Use the day of the week: Who — Captions must include the full name, age, and home town of any identifiable subjects included in the photo. Corrective information is placed before the caption, credits and restrictions are placed after the signoff. Please keep an eye out and fix. If there is any doubt about the integrity of a handout image, it should not be transmitted.
If getting names is not possible or would interrupt the scene, a description of the people is permitted. Many sports photos taken during a game or match, for example, do not require a second sentence; nor do photos from some ongoing news events.
Your images will be history some day. As with any content NPR produces, we follow a style guide. When — Include the day of the week, month, day, and year the photograph was taken.
Why — The first sentence of an AP style caption typically includes the first four Ws. There should be no spaces alongside the slashes.
Some scenes are more important to the look of the people today, than having their names. If possible to get names, great. Try to anticipate what information the reader will need. The name of the releasing body is then repeated in the photo credit: However, because one never knows how or when a photograph may be used, learning to write an AP style caption ensures that vital information and context always stay attached to the image file.
Stephanie Federico is a former NPR homepage editor. What is in the picture? Obama called for the immediate withdrawal of all U. List ages for any children in the image. Jane Smith Flickr photos: This comes from the University of Missouri: Style and form First Sentence: She was born in Vienna, Va.
Explain the circumstances and why it is relevant or adds to the story package. They should be complete sentences that present the who, what, where, when and sometimes why without necessarily stating the obvious i. Past tense and passive verbs may be used in the contextual second sentence.
The second part gives context to the image. Follow AP style for the date. The first part, almost always written in present tense, describes the action seen in the photo. They were two of about 75 people who lined up early at the Sears store in the Merle Hay Mall in Des Moines, Iowa, waiting for the new game to go on sale at midnight.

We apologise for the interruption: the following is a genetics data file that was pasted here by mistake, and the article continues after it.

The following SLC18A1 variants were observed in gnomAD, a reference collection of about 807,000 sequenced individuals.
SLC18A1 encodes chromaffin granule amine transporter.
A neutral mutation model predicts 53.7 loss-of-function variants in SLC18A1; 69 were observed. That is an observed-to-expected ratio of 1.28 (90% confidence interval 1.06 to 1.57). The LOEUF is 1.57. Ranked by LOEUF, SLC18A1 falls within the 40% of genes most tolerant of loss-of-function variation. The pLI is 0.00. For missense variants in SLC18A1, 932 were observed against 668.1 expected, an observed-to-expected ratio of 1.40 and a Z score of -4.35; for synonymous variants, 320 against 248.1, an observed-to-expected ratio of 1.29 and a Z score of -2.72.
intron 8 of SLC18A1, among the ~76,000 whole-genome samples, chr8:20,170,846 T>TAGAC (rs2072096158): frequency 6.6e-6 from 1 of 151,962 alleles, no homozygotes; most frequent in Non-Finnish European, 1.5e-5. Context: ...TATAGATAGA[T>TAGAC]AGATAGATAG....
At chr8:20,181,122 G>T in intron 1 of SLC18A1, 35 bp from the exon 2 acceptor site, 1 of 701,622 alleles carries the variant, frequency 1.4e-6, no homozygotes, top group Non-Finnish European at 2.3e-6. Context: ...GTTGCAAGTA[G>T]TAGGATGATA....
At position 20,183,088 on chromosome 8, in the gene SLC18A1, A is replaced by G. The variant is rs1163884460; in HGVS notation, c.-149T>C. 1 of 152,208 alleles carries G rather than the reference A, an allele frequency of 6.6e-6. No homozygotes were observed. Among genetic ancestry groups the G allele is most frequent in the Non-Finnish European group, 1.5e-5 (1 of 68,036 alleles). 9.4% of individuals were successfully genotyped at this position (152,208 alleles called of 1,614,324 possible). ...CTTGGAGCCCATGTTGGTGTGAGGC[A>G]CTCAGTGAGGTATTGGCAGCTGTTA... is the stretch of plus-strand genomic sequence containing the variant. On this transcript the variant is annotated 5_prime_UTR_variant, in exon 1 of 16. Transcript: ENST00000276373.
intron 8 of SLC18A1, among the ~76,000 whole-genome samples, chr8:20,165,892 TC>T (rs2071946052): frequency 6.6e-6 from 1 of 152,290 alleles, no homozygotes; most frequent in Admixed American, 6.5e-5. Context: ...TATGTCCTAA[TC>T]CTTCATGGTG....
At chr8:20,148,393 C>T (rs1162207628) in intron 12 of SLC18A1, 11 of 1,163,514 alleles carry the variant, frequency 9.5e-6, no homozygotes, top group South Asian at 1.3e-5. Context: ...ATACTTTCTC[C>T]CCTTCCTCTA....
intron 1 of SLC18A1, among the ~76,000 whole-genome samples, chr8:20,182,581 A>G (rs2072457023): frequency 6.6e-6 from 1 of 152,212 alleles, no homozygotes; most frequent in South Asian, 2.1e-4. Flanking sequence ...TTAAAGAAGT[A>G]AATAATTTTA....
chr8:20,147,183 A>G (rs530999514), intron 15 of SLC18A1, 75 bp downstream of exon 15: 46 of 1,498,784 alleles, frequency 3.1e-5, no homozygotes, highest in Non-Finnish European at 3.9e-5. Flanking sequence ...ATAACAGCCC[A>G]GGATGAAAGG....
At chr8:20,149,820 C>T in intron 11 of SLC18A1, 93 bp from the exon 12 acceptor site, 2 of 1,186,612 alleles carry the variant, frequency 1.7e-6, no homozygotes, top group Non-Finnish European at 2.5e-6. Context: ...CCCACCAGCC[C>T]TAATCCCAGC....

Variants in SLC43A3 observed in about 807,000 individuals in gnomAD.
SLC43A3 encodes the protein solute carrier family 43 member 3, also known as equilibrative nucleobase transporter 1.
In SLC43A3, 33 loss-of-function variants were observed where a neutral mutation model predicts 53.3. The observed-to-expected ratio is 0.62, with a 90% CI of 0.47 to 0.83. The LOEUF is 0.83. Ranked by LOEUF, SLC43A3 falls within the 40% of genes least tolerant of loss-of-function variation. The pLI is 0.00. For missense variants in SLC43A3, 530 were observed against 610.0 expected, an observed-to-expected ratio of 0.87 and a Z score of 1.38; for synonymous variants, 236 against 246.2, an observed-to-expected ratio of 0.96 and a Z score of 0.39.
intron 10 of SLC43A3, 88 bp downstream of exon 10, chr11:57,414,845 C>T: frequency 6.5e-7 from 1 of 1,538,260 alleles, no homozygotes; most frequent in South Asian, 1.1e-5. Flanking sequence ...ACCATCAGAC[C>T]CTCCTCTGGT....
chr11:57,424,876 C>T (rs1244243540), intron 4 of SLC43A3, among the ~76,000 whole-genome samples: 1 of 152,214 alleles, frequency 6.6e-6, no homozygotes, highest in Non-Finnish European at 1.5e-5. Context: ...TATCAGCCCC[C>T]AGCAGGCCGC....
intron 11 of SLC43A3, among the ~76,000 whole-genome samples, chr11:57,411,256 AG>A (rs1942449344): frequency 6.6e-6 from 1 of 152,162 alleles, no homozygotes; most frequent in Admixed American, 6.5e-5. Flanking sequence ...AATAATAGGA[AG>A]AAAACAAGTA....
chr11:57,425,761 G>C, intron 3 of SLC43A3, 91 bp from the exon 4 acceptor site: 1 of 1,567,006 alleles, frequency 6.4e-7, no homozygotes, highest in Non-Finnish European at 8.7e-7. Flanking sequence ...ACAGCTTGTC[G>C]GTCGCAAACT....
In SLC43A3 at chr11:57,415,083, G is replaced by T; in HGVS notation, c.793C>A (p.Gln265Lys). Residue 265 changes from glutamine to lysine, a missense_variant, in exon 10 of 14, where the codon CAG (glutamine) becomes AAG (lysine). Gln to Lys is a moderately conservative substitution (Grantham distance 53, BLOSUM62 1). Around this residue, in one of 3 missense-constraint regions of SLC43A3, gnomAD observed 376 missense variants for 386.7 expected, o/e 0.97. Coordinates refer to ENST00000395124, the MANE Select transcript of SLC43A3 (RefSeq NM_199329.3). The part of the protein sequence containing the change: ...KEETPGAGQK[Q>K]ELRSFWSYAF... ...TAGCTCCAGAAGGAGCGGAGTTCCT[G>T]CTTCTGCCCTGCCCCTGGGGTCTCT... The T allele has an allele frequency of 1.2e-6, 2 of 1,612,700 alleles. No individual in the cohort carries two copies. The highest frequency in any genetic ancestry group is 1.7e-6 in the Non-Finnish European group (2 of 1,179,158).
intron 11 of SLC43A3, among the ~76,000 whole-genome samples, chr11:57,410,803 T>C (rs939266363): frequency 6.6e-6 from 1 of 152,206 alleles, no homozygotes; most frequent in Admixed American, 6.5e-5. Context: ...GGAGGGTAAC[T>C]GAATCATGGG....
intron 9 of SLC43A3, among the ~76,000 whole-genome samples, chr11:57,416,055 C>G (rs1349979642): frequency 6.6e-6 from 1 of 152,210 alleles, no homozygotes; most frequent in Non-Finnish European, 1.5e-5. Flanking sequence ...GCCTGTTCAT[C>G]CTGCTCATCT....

On June 6,a star was born. The last portion of the first sentence should be the date, including the day of the week if the photograph was made within the past two weeks, and preceded by a comma. Identify people from left to right. Active verbs — always use the active form of verbs.
You do not need to summarize the entire story in the caption; it should supplement or complement the story.Jul 27, · Let's all use Associated Press's caption style, which means to add names and more complete caption information.
This comes from the University of Missouri: You should never write a caption without having the image in front of you—DO NOT WRITE FROM MEMORY! Captions are usually just two sentences long, but they should be as long. Writing and Using Captions and AP Style Written by the stylings (Haha) of Savannah Summerlin and Levi Horton Captions AP Style The Way out The Second and Third Sentences give background on the news event or describes why the photo is significant.
should be written in the past tense. Remember that although AP Style is used by many different publications and media, it is FOR journalists writing news articles. As such, there really is no such thing as attribution to sources because that doesn't really occur in news writing.
Instead, AP Style uses in-text attribution generally in the form of direct or indirect quotations. Feb 04, · The Associated Press style for caption writing assumes that each and any picture it moves on its wire service may be used by itself, not necessarily with a story, so each photograph is accompanied by complete information.
Also, we shorten The Associated Press to AP in caption credits. Style: Here’s the style we use when crediting a photo. AP photos: Jane Smith/AP (not “Associated Press). AP Caption Style. A caption is REQUIRED for all images.
You should never write a caption without having the image in front of you—DO NOT WRITE FROM MEMORY! Captions are usually just two sentences long, but they should be as long as needed to answer the basic journalistic questions. 1. Your caption should identify who is in the picture and why they are significant.Download